A hypothetical solution would be a mesorealm, but this is not fully convincing as well, as the means to shape an Ideal into our image is the model. It is the reflection of an Idea by human-beings, where the model is something before us, but which also works through us. This means that everything which is possible to exist has an ideal state in the world of the ideas that is eternal, but our images about things change through the time and this certain image is the model. So there is a connection between immanence and transcendence, but is it really a mesorealm? Or is the transcendent realm itself divided into different parts? If so, these divisions can make spiritually a unity, as such a unity is the wholeness. Daoists admit that the Dao is wholeness and nothingness. And human-beings are able to share part of this great enlightenment: “To him who holds in his hands the Great Image (of the invisible Dao), the whole world repairs. […] The Dao in its regular course does nothing (for the sake of doing it), and so there is nothing which it does not do.” [Daodejing, Chapter 35 & 37, transl. Legge; orthography slightly modified.] Enlightenment is a purification in my point of view, and as such a repairment of the world, tikkun olam, in a Lurianic sense.

So to put it in a nutshell, we can say that “καὶ τὰ μὲν δὴ ὁρᾶσθαί φαμεν, νοεῖσθαι δ’οὔ, τὰς δ’αὖ ἰδέας νοεῖσθαι μέν, ὁρᾶσθαι δ’οὔ.” (Politeia, 507b) We now want to explain the manifestation in this world. So let’s recall different schools of thought first.

The Sefer Yetzira for instance explains that the three basic creations which are numbers, letters, and sound unfold through language, and thus can all be found in the alphabet. Of course, this leads to a lot of problems, because the system is based on the Hebrew alphabet and we would have to ask each other whether it also works for other languages, and one language in which this system fails is enough to say that language does not equal creation. Of course, one could now answer that this only goes to the Hebrew alphabet as it is the holy language, but then we still have to ask why the Hebrew language should be preferred over the others? What makes Hebrew holier than others? And yet, the Sefer Yetzira also leads to other questions, e.g. if water and fire were created independently of the letters as stated in the book, then why do we need the letters to emanate existence? So we are caught with a lot of troubles here which remain unsolvable. However, we can build a class logic upon the system of Semitic languages: Each word has a root and related words share the root, for instance the root כ-ת-ב includes things which have to do with writing. Words which belong to this root include the verb ‘to write’ לִכְתּוֺב, the feminine noun ‘dictation’ הַכְתָּבָה, the masculine noun for ‘script’ or a ‘writing’ כְּתָב, a reporter or journalist כַּתָּב, the verb ‘engrave’ לְכַתֵּב, the noun ‘correspondence’ and its verb ‘to correspond’, an address כְּתוֹבֶת, the adjective ‘written’ כָּתוּב, and many others such as article, letter, message, etc. Since they all include the same root, we can group them in one class. The whole Hebrew language can be classified and through intersections of classes, language is built. [Timo Schmitz: Ontological positions proposed by the Sefer Yetzira and the possibility to see Class Logic as actual reality based on its view (11 December 2020). In: Timo Schmitz: A Divinely Way to Philosophy, Vol. 2. Trier & Vachendorf: Graf Berthold Verlag, 2022.] For instance, possibly all verbs that have directly to do with writing might be found in the class of the root for writing (k-t-b) as well as in the class of (all) verbs. Each verb hides information: if a verb starts with a heh followed by a chereq-yod, it is most likely a hifil form and thus causative so grammar causes predication; next, one identifies the root and might find its meaning, so the hifil of k-t-b is ‘to dictate’ [ibid.]; but we cannot go so far to say that the letters contain information on existence itself, though the Sefer Yetzira suggests that they are the potential to become and the information unfolds and creates existence when coming together with the sefirot, due to the troubles mentioned before. So language is arbitrarily, yet the words contain terms, which we can communicate through different words in the different languages. God cannot be explained with common language, though we can try to describe different qualities of God.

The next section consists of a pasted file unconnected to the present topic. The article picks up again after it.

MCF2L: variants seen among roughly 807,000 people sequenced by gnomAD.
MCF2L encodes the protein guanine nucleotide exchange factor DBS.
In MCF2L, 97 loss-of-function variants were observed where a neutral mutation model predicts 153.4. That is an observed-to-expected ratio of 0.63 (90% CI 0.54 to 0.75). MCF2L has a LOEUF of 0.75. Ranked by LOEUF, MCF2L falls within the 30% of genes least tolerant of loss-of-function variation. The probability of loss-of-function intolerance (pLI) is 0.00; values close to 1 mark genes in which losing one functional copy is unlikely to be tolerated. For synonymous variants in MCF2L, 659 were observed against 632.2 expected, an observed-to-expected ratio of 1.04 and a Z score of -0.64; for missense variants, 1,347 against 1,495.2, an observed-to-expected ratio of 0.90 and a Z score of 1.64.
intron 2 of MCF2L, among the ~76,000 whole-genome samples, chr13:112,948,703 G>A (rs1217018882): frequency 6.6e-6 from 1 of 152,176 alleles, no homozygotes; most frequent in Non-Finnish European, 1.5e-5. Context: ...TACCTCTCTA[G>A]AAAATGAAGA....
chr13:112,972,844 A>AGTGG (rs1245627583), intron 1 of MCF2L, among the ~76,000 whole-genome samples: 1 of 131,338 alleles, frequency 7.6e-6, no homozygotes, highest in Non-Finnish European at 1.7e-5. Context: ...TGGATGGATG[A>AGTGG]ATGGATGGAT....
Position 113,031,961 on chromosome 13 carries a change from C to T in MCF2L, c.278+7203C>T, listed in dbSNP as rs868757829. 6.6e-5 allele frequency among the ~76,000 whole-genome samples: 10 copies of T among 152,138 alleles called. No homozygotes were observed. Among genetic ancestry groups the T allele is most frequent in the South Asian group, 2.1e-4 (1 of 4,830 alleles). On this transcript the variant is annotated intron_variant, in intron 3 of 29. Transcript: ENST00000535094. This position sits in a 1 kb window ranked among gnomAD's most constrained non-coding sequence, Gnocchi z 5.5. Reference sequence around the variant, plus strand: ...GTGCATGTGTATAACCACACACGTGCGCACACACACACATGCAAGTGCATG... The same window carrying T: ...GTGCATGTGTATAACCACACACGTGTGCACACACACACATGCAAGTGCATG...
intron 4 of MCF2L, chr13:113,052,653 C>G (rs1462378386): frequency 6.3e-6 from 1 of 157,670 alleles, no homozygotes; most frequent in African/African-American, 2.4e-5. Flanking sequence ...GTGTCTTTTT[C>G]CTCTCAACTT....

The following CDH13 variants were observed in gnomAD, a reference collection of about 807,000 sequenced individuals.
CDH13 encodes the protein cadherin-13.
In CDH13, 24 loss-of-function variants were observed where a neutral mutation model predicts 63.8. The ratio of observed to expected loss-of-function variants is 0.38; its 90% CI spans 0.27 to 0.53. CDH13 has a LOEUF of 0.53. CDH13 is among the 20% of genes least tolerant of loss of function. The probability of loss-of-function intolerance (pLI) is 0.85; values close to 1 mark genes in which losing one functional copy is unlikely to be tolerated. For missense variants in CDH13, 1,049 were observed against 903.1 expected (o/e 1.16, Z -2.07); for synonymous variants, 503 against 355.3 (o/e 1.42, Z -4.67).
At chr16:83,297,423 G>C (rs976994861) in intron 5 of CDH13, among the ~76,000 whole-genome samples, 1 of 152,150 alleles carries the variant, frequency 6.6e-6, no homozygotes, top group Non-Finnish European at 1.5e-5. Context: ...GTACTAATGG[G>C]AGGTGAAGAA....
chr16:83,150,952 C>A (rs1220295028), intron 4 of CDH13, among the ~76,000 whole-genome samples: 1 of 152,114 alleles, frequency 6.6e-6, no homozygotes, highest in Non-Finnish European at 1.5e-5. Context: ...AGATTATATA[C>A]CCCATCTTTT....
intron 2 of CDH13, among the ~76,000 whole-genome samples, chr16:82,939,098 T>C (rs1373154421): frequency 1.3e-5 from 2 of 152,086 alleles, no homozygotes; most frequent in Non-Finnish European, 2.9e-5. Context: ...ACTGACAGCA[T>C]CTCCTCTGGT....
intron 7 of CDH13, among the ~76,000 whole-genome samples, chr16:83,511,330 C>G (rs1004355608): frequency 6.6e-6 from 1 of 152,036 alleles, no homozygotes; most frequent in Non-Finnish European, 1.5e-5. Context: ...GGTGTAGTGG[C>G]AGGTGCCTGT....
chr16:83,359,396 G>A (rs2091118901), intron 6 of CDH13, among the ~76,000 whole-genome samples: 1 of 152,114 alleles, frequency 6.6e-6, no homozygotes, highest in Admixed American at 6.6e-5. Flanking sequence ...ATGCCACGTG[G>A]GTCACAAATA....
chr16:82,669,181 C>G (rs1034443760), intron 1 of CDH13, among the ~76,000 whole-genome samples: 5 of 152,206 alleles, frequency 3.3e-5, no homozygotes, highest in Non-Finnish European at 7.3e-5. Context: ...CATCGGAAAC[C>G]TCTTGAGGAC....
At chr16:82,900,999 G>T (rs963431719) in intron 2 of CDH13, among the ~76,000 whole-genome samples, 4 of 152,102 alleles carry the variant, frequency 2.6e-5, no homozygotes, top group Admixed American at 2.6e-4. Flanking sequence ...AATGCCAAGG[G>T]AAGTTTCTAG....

But truth itself neither lies in the language nor in a particular thing, the latter was explained above. Even further, language is one of the reasons, leading to idols (prejudices) according to Francis Bacon. How can idols be corrected? They can be corrected with dianoia – understanding. And according to Proclus, one can only gain understanding with the study of relationships. But it is also clear that understanding is limited and therefore idols still exist – despite correcting them, one cannot fully fight them. [Timo Schmitz: Relation et Formation: Rien n’existe indépendant dans ce monde (14 August 2018). In: Timo Schmitz: Sélection d’articles en français, 2014-2020. Berlin: epubli, 2021.] In addition, we cannot describe reality though we can talk about our experiences, but language can’t really express reality. Spirituality is an attempt to find reality – the direct connection between the Divine and us. [Timo Schmitz: Le besoin d’une purification de l’âme (25 Agust 2018). In: Timo Schmitz: Sélection d’articles en français, 2014-2020. Berlin: epubli, 2021.]